How on earth can the world leaders sit back and watch as this killer of over 30,000 innocent people continues to kill many children, wives, and elderly unarmed on a daily basis? What world leader will stand up to this and say that killing innocent people is wrong and put an end to this?

Why does China or Russia agree with this systematic killing? Is Russia and China afraid this may happen in their own region? If it is so, then Russia and China governments should start to be more "Liked" by their own people now because it's coming...
You can't put a choke chain on people like Assad is doing, it just doesn't work.

I look forward to the day that Assad is forced to stop killing innocent people. He should be arrested by the world courts for crimes against humanity. Deliberately dropping bombs on civillians neighbourhoods is an act more serious than that of serial killers. ESPECIALLY those who live in the same country, it is systematic killing.

Day by day more and more people of Syria hate the Assad regime, it is growing.


by: musawi melake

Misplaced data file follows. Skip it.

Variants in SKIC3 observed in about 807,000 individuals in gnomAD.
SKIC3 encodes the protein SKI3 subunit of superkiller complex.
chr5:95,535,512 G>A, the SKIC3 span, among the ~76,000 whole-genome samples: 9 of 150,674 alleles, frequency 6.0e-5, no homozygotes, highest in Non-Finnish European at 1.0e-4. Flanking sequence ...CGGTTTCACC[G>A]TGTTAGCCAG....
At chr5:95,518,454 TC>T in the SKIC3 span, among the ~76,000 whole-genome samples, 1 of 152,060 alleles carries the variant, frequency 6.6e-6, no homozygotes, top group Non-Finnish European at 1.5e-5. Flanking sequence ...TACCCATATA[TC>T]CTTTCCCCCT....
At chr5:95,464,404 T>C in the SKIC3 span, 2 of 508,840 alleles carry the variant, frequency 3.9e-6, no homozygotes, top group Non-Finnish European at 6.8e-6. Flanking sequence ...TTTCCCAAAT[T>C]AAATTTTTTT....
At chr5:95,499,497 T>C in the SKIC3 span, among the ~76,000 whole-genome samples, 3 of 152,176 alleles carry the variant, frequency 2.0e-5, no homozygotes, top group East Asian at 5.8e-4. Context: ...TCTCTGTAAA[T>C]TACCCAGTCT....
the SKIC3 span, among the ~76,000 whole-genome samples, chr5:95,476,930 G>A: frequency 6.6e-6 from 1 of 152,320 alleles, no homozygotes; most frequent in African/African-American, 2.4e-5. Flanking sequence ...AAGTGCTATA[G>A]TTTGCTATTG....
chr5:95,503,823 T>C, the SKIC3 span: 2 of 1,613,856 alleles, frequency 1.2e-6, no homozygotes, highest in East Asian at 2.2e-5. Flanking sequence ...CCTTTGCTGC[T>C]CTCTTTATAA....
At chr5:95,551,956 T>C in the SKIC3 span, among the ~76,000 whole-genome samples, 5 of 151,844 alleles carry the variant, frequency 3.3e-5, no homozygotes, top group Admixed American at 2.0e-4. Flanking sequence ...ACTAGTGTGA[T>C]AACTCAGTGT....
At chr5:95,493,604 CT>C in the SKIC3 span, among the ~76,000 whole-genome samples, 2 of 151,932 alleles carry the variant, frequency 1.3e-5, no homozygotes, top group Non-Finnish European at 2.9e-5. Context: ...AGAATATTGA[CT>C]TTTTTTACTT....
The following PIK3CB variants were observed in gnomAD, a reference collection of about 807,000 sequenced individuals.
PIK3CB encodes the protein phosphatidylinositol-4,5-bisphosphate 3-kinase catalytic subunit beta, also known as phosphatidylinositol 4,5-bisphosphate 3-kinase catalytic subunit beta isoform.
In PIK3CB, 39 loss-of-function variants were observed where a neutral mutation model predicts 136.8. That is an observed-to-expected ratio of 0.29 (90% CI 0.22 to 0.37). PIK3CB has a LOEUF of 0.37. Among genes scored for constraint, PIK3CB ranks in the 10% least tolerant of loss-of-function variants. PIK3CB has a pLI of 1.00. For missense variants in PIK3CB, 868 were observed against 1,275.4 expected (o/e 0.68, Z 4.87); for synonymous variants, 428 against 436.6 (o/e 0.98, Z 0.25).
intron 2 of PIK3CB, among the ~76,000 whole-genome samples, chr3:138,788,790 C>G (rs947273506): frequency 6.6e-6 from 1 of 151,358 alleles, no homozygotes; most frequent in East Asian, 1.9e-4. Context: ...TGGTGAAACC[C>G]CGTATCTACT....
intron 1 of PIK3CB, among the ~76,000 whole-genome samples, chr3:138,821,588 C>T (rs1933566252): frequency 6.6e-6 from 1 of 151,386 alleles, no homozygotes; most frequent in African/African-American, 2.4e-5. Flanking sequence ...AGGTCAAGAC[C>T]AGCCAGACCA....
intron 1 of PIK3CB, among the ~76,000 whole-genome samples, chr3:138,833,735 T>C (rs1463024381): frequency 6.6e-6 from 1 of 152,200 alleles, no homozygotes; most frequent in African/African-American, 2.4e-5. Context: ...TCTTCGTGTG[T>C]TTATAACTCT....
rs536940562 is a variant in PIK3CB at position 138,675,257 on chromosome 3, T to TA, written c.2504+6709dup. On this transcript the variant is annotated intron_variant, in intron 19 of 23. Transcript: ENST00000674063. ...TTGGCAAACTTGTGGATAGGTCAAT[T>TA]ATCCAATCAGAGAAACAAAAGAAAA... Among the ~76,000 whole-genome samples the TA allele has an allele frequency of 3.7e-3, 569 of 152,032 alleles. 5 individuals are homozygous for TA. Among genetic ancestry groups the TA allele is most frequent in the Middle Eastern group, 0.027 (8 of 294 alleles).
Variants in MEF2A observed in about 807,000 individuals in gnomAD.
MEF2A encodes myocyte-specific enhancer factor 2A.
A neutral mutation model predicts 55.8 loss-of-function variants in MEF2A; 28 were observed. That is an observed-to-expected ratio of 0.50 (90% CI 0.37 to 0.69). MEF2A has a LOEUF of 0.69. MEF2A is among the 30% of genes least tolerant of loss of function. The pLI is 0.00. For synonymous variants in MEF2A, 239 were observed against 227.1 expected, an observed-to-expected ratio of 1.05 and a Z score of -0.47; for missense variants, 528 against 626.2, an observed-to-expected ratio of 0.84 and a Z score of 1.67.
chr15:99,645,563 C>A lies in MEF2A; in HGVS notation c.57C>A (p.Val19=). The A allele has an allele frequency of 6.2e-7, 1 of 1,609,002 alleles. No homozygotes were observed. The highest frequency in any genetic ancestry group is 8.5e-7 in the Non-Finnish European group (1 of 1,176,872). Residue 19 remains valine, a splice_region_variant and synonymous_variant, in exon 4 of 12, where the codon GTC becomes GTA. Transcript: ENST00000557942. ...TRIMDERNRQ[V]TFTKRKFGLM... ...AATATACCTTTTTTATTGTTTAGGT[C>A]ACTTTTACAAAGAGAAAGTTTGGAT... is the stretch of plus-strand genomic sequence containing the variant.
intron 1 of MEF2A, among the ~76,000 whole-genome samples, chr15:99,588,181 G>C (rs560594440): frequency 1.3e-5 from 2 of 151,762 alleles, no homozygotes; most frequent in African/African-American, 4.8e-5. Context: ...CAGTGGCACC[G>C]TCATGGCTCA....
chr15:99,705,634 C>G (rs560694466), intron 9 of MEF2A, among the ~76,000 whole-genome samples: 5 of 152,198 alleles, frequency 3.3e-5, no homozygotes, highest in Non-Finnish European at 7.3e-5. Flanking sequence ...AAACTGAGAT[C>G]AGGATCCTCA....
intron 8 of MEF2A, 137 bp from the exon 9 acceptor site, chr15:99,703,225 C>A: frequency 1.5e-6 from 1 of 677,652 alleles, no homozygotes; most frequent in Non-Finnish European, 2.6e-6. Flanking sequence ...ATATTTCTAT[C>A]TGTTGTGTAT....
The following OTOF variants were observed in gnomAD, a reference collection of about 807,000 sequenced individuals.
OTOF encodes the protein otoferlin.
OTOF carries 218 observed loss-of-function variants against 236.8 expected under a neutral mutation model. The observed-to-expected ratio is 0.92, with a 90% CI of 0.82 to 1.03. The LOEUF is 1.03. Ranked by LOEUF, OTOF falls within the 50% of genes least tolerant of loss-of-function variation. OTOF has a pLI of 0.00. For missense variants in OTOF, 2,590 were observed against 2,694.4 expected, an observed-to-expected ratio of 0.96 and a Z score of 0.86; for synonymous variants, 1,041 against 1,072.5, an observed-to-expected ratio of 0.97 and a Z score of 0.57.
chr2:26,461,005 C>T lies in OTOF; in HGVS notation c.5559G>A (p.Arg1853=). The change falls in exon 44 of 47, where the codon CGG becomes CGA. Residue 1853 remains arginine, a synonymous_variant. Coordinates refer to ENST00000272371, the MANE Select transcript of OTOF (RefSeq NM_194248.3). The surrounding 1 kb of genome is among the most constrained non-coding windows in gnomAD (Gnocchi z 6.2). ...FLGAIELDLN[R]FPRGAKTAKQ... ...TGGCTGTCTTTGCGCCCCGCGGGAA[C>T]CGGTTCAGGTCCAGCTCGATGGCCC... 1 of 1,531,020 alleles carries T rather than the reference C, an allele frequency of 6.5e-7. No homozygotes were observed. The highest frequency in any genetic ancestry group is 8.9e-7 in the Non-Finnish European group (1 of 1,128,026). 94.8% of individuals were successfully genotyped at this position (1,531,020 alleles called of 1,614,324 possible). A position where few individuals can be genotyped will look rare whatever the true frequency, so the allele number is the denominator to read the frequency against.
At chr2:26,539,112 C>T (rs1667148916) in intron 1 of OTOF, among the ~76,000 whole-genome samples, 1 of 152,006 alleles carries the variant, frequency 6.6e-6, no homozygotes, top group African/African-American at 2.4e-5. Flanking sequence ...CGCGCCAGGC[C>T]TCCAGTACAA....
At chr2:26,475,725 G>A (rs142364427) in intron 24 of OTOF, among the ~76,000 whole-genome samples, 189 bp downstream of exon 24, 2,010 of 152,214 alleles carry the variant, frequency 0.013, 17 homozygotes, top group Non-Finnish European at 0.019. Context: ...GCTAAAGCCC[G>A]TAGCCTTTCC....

November 05, 2012 6:57 PM
This issue would be the most challenging one for the emerging powers like China and Russia. If they fail to prevent Assad from being drag on the streets like Gaddafi by the terrorist proxies of the West, it will be a grand failure. The diminishing influence of the US should be maintained, so that the emergence of Red-China as the sole Power of the world would be garanteed.

Featured Videos

Your JavaScript is turned off or you have an old version of Adobe's Flash Player. Get the latest Flash player.
IAEA: Iran Turns its Enriched Uranium Into Less Harmful Formi
X
July 22, 2014 10:26 AM
Iran has converted its stockpiles of enriched uranium into a less dangerous form that is more difficult to use for nuclear weapons, according to the United Nations’ Atomic Energy Agency. The move complies with an interim deal reached with Western powers on Iran's nuclear program last year, in exchange for easing of sanctions. Henry Ridgwell reports for VOA from London.